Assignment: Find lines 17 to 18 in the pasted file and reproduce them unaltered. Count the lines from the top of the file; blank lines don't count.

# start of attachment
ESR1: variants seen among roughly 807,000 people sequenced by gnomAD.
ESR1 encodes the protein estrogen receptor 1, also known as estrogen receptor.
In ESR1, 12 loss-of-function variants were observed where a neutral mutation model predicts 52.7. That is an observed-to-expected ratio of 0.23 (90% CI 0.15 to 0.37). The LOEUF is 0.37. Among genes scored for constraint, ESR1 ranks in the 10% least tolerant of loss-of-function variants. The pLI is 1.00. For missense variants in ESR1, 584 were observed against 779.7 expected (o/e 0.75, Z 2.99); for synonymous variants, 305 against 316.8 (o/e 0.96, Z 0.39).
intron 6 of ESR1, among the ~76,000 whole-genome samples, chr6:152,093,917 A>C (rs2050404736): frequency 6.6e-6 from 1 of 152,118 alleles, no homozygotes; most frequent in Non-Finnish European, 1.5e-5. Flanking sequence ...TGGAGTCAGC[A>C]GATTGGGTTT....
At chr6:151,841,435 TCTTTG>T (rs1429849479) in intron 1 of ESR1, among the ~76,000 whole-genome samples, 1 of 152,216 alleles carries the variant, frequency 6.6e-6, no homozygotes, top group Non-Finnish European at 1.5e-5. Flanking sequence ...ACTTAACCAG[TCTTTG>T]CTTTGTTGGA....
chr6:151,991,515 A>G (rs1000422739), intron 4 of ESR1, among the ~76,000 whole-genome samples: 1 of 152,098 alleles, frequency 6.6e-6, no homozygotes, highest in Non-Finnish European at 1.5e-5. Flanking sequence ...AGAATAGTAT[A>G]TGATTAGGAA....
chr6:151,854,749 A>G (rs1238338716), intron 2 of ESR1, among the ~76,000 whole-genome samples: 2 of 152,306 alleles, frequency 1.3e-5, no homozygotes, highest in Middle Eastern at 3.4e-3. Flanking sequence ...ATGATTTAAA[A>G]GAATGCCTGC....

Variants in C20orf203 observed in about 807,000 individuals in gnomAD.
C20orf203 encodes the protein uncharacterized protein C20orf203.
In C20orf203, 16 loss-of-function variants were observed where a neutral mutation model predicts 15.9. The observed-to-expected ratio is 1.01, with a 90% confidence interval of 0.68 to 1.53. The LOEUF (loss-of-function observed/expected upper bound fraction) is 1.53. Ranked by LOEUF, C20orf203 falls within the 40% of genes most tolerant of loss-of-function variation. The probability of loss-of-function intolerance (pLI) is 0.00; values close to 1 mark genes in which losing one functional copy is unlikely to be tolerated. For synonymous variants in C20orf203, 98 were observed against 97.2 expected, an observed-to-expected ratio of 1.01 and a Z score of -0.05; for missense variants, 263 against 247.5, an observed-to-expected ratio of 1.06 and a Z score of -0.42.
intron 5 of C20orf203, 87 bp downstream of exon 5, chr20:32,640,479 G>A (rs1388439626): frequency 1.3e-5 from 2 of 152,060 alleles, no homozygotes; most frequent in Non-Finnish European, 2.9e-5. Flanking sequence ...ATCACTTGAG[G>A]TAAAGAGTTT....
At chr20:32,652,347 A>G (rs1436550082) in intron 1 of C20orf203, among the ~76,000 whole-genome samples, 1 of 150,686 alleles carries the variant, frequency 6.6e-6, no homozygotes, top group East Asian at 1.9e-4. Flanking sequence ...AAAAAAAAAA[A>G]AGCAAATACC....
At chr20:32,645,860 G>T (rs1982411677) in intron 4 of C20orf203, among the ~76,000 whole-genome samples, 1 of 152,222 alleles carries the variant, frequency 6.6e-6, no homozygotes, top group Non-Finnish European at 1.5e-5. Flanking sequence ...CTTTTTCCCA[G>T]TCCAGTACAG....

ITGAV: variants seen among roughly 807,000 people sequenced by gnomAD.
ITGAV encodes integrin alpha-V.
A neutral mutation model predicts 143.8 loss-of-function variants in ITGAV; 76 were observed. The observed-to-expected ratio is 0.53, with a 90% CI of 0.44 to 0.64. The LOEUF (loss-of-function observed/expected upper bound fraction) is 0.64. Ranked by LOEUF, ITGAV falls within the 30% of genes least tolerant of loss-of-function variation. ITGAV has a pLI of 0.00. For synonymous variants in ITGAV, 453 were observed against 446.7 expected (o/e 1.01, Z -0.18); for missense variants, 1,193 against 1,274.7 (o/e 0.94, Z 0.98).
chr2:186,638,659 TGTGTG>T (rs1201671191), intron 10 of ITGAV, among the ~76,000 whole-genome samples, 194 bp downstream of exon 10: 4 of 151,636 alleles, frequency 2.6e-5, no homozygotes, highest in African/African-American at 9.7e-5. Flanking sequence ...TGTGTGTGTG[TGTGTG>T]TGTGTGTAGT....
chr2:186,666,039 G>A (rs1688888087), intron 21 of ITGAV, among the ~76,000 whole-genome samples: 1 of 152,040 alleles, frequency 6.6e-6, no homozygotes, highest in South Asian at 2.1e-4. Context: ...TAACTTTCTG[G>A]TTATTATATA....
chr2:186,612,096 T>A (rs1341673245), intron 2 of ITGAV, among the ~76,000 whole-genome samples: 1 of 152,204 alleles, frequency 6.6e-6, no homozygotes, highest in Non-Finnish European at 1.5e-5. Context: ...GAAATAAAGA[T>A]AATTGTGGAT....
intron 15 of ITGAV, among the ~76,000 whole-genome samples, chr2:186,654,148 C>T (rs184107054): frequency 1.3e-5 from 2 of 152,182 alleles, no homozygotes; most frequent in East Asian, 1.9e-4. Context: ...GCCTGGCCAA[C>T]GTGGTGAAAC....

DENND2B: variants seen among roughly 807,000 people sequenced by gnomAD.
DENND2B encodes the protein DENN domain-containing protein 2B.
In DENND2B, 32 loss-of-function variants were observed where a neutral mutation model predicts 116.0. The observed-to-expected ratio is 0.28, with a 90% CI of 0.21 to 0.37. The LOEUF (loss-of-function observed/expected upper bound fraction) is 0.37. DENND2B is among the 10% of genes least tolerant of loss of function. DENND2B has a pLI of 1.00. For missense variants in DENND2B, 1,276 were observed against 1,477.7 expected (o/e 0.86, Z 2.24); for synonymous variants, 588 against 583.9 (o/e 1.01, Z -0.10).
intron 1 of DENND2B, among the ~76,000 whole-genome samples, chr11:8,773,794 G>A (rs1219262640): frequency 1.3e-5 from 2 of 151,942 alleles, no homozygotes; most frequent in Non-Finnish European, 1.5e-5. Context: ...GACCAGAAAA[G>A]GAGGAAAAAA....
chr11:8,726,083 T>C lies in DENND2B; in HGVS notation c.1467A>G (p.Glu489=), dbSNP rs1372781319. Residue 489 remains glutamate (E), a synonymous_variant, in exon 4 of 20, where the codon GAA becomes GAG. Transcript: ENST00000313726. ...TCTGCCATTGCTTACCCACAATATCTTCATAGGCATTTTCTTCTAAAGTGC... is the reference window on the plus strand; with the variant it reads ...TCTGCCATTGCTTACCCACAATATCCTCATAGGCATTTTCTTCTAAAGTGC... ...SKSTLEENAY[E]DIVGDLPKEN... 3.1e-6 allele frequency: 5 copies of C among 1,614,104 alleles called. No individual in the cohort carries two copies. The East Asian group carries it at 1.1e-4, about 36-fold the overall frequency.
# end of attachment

chr2:186,638,659 TGTGTG>T (rs1201671191), intron 10 of ITGAV, among the ~76,000 whole-genome samples, 194 bp downstream of exon 10: 4 of 151,636 alleles, frequency 2.6e-5, no homozygotes, highest in African/African-American at 9.7e-5. Flanking sequence ...TGTGTGTGTG[TGTGTG>T]TGTGTGTAGT....
chr2:186,666,039 G>A (rs1688888087), intron 21 of ITGAV, among the ~76,000 whole-genome samples: 1 of 152,040 alleles, frequency 6.6e-6, no homozygotes, highest in South Asian at 2.1e-4. Context: ...TAACTTTCTG[G>A]TTATTATATA....